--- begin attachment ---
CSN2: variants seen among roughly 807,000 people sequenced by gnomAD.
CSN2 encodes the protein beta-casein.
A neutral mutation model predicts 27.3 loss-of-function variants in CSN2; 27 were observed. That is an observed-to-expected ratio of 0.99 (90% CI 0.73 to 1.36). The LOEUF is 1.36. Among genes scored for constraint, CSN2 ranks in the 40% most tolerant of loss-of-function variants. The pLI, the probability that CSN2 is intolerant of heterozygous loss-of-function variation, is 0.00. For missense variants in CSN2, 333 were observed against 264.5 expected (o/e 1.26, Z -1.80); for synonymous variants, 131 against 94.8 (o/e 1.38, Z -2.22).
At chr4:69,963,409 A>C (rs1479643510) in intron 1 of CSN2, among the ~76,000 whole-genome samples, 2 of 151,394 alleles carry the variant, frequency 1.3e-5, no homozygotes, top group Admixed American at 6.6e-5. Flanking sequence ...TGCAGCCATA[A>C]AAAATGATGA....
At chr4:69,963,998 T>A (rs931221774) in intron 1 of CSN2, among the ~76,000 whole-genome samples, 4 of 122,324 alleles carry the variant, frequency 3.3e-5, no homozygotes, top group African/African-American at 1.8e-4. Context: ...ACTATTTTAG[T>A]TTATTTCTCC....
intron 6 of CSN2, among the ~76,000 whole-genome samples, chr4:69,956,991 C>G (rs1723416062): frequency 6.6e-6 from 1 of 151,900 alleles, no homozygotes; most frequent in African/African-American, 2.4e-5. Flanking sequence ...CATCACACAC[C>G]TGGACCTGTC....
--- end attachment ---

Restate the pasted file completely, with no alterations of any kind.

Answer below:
CSN2: variants seen among roughly 807,000 people sequenced by gnomAD.
CSN2 encodes the protein beta-casein.
A neutral mutation model predicts 27.3 loss-of-function variants in CSN2; 27 were observed. That is an observed-to-expected ratio of 0.99 (90% CI 0.73 to 1.36). The LOEUF is 1.36. Among genes scored for constraint, CSN2 ranks in the 40% most tolerant of loss-of-function variants. The pLI, the probability that CSN2 is intolerant of heterozygous loss-of-function variation, is 0.00. For missense variants in CSN2, 333 were observed against 264.5 expected (o/e 1.26, Z -1.80); for synonymous variants, 131 against 94.8 (o/e 1.38, Z -2.22).
At chr4:69,963,409 A>C (rs1479643510) in intron 1 of CSN2, among the ~76,000 whole-genome samples, 2 of 151,394 alleles carry the variant, frequency 1.3e-5, no homozygotes, top group Admixed American at 6.6e-5. Flanking sequence ...TGCAGCCATA[A>C]AAAATGATGA....
At chr4:69,963,998 T>A (rs931221774) in intron 1 of CSN2, among the ~76,000 whole-genome samples, 4 of 122,324 alleles carry the variant, frequency 3.3e-5, no homozygotes, top group African/African-American at 1.8e-4. Context: ...ACTATTTTAG[T>A]TTATTTCTCC....
intron 6 of CSN2, among the ~76,000 whole-genome samples, chr4:69,956,991 C>G (rs1723416062): frequency 6.6e-6 from 1 of 151,900 alleles, no homozygotes; most frequent in African/African-American, 2.4e-5. Flanking sequence ...CATCACACAC[C>G]TGGACCTGTC....